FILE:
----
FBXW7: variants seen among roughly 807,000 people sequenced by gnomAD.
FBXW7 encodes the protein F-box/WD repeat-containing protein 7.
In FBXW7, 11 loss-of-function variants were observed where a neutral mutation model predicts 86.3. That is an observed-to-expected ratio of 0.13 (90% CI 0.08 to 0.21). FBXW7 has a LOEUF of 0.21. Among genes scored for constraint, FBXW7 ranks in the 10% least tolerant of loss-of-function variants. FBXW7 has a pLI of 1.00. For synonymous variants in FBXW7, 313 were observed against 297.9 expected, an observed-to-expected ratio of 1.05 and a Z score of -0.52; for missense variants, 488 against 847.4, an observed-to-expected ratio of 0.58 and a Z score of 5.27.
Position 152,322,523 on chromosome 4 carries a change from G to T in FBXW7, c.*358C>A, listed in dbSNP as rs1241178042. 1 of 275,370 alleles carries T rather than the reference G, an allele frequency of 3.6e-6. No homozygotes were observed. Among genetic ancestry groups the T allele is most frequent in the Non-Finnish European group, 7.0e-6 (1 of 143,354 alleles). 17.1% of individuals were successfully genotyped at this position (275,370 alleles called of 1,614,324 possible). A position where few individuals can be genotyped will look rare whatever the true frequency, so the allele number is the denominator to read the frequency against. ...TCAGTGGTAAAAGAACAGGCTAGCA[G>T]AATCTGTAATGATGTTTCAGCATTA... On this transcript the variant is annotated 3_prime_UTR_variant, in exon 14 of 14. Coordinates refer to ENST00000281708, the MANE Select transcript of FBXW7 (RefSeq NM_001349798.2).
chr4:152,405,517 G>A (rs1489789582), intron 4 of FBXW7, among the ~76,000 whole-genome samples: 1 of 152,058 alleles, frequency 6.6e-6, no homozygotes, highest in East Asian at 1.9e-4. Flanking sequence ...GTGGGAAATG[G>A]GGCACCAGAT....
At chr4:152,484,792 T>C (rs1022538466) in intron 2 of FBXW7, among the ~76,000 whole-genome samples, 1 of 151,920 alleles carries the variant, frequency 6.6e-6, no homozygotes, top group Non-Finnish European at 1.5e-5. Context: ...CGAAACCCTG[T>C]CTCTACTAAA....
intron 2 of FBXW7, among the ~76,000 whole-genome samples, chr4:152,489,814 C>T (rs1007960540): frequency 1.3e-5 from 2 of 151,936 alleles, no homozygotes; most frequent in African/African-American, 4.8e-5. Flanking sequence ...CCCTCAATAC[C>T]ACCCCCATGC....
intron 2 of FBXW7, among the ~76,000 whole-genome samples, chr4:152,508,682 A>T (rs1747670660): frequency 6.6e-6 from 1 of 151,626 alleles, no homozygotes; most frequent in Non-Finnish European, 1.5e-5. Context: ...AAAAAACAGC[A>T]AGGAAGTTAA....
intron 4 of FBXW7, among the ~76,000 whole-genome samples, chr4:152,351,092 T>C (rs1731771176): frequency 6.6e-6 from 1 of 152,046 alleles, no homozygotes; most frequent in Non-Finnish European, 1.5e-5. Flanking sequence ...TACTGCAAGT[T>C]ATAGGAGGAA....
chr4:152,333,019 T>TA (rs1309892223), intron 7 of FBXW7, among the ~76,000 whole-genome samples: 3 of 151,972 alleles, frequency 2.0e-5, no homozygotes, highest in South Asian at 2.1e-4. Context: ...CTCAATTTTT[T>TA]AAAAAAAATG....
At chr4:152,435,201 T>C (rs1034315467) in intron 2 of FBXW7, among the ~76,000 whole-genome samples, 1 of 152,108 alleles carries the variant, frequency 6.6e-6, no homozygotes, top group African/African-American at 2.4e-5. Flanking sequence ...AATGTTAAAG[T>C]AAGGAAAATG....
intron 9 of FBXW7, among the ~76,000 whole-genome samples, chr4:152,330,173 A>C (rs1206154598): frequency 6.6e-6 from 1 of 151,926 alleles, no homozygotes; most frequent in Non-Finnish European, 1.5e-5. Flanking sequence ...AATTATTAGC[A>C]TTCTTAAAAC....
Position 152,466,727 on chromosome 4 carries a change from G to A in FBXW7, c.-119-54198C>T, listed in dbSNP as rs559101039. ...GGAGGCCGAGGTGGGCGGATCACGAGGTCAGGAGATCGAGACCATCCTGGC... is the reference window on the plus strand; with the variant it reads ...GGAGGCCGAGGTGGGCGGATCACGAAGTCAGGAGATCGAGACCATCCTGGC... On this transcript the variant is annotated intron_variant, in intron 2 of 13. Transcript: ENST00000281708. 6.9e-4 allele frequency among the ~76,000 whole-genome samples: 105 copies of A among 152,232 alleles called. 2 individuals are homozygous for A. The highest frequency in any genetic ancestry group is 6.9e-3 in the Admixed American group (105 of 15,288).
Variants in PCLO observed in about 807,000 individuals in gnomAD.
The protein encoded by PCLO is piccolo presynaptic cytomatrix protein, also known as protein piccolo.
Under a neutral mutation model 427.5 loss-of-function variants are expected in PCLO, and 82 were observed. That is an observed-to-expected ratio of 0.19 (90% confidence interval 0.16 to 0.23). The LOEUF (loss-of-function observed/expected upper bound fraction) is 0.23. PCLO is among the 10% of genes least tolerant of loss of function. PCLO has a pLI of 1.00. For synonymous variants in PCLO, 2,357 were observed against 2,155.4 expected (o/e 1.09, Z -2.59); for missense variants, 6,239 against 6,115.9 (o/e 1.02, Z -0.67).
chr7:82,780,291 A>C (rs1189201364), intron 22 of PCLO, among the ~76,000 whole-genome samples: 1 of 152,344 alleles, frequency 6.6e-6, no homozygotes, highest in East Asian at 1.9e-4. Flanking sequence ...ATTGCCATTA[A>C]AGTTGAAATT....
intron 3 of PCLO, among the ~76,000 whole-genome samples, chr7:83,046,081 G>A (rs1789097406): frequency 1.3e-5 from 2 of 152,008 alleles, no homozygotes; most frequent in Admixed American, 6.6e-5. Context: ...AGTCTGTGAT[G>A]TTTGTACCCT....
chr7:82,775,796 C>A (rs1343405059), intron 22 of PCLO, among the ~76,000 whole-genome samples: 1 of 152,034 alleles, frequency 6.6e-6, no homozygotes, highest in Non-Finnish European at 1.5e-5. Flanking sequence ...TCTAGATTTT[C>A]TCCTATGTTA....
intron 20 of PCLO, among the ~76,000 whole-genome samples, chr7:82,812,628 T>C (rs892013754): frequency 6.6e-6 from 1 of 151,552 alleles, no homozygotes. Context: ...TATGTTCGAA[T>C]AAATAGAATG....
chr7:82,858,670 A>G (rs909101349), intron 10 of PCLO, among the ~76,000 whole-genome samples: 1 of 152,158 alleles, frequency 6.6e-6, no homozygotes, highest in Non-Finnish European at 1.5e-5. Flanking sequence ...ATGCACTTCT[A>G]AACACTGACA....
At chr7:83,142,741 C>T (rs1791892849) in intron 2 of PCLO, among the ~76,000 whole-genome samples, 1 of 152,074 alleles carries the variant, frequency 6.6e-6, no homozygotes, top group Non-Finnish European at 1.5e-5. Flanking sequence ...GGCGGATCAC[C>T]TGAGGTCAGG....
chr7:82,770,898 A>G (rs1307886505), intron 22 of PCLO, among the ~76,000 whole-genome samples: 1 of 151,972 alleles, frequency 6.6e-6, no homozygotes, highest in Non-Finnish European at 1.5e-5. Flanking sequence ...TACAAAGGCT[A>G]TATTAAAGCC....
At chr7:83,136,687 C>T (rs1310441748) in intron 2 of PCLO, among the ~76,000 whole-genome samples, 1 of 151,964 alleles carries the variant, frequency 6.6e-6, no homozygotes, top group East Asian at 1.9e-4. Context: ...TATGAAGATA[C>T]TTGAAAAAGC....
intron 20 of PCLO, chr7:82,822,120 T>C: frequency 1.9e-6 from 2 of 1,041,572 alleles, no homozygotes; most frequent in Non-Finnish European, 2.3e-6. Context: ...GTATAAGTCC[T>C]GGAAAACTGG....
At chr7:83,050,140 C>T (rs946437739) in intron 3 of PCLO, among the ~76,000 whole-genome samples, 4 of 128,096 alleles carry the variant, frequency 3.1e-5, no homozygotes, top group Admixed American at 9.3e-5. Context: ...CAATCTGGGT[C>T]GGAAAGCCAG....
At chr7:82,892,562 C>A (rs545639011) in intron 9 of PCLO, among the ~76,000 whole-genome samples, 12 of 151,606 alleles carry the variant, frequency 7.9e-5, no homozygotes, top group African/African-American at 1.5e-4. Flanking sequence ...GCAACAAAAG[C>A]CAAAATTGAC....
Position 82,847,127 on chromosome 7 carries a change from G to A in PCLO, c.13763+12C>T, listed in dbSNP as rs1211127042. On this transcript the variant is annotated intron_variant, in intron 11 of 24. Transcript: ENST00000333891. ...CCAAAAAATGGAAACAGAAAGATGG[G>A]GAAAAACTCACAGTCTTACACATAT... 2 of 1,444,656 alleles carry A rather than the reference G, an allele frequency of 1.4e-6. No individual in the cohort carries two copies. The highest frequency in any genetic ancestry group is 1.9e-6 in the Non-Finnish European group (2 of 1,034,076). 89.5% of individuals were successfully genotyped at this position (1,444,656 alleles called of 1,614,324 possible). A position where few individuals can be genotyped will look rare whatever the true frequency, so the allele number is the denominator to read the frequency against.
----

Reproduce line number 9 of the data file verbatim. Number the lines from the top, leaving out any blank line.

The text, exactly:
intron 4 of FBXW7, among the ~76,000 whole-genome samples, chr4:152,351,092 T>C (rs1731771176): frequency 6.6e-6 from 1 of 152,046 alleles, no homozygotes; most frequent in Non-Finnish European, 1.5e-5. Flanking sequence ...TACTGCAAGT[T>C]ATAGGAGGAA....